Landlords failing to take fire safety action in wake of Grenfell
26 September 2017
NEW RESEARCH has revealed that just 10% of social landlords have been in touch with tenants in person to discuss fire safety measures since the Grenfell Tower fire tragedy.
The research, released to mark Fire Door Safety Week (25 September – 1 October), was conducted by Atomik Research and surveyed 1,001 renters across the UK aged 18-65 in the UK in August. The results show that those renting through local authorities are significantly less likely to have had the reassurance of contact from their landlord (10%) than private renters (23%).
Basic fire safety measures are lacking with four in ten (40%) renters saying there is not a clear fire escape route displayed in their building, and more than a third (39%) admit they have seen fire doors propped open.
More than two in ten people (21%) have noticed damage to their building’s fire doors and almost a fifth (18%) of renters have reported a fire safety infringement or concern to their landlord but almost a quarter (24%) waited weeks for a response.
The majority of tenants (55%) say they do not feel fully prepared on what to do in the event of a fire and almost a quarter (24%) of adults surveyed feel more nervous/anxious about living in a rented apartment since the tragedy and the issues it exposed with regard to fire safety.
This Fire Door Safety Week, the British Woodworking Federation (BWF) has put together a free toolkit of resources to help landlords and their tenants with fire safety advice. Hannah Mansell is spokesperson for Fire Door Safety Week said: “This new research shows that social housing landlords and building owners still have a long way to go meet their fire safety responsibilities. It is astounding to learn that in the last three months so little has been done to address the concerns of tenants and residents.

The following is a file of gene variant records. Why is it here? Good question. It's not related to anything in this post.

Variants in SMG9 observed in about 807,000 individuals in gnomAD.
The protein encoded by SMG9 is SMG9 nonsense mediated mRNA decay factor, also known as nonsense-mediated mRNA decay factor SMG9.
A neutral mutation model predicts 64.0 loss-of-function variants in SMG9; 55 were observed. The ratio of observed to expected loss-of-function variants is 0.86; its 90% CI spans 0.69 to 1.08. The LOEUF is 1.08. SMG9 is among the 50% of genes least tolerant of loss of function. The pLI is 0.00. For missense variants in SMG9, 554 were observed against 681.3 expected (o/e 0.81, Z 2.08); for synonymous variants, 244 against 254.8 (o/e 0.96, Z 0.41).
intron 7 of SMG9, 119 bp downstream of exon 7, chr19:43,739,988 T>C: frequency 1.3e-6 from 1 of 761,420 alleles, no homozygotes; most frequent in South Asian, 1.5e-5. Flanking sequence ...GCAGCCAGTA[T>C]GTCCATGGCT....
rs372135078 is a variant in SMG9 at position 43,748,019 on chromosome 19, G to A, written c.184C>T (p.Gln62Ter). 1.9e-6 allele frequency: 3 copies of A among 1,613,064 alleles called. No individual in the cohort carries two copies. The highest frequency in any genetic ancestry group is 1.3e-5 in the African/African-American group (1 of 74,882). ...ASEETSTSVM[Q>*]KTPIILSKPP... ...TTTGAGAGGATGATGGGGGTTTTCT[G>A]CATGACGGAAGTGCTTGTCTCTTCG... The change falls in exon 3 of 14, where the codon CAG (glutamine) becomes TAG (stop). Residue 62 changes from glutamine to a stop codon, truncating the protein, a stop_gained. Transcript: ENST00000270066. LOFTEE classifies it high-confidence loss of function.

“Many people do not realise that the real job of a fire door is to hold back fire, smoke and toxic gases, delaying the spread around a building and keeping the vital means of escape route clear. They only work properly if they are specified, manufactured, installed and maintained correctly, and of course, closed when a fire breaks out. This is especially important in high rise buildings, houses of multiple occupancy and other types of shared sleeping accommodation.
“Checking fire doors should be part of a regular fire risk assessment. This should examine all aspects of fire safety management, including active and passive fire protection measures, signage, means of escape and the specific fire plan procedures.
“There needs to be crystal clarity about the responsible person and a total transformation of attitude towards fire safety of tenants in rented accommodation. Our focus for Fire Door Safety Week in this pivotal year is to ensure all landlords and tenants have the knowledge and resources they need to stay safe.”
London Fire Commissioner Dany Cotton added: “London Fire Brigade fully supports Fire Door Safety Week. This is an important campaign which drives home the potentially life saving role that fire doors play in buildings, especially residential buildings such as tower blocks. It is extremely concerning that the lives of the public and our firefighters are still being put at risk by poorly maintained fire doors and people acting irresponsibly by removing self closers or by keeping doors wedged open.
“Good fire doors help stop fires from spreading. Fires that spread put more lives at risk and I would urge everyone to check that their fire doors are properly maintained and kept shut. Remember they don’t just protect you, but everybody in the building.”
Fire Door Safety Week, a national campaign now in its fifth year, is run by the BWF, the BWF-Certifire Scheme and the Fire Door Inspection Scheme, in partnership with the Government’s Fire Kills campaign. It aims to raise awareness about the role of fire doors in preventing life changing injuries and the legal responsibilities of managing fire door safety.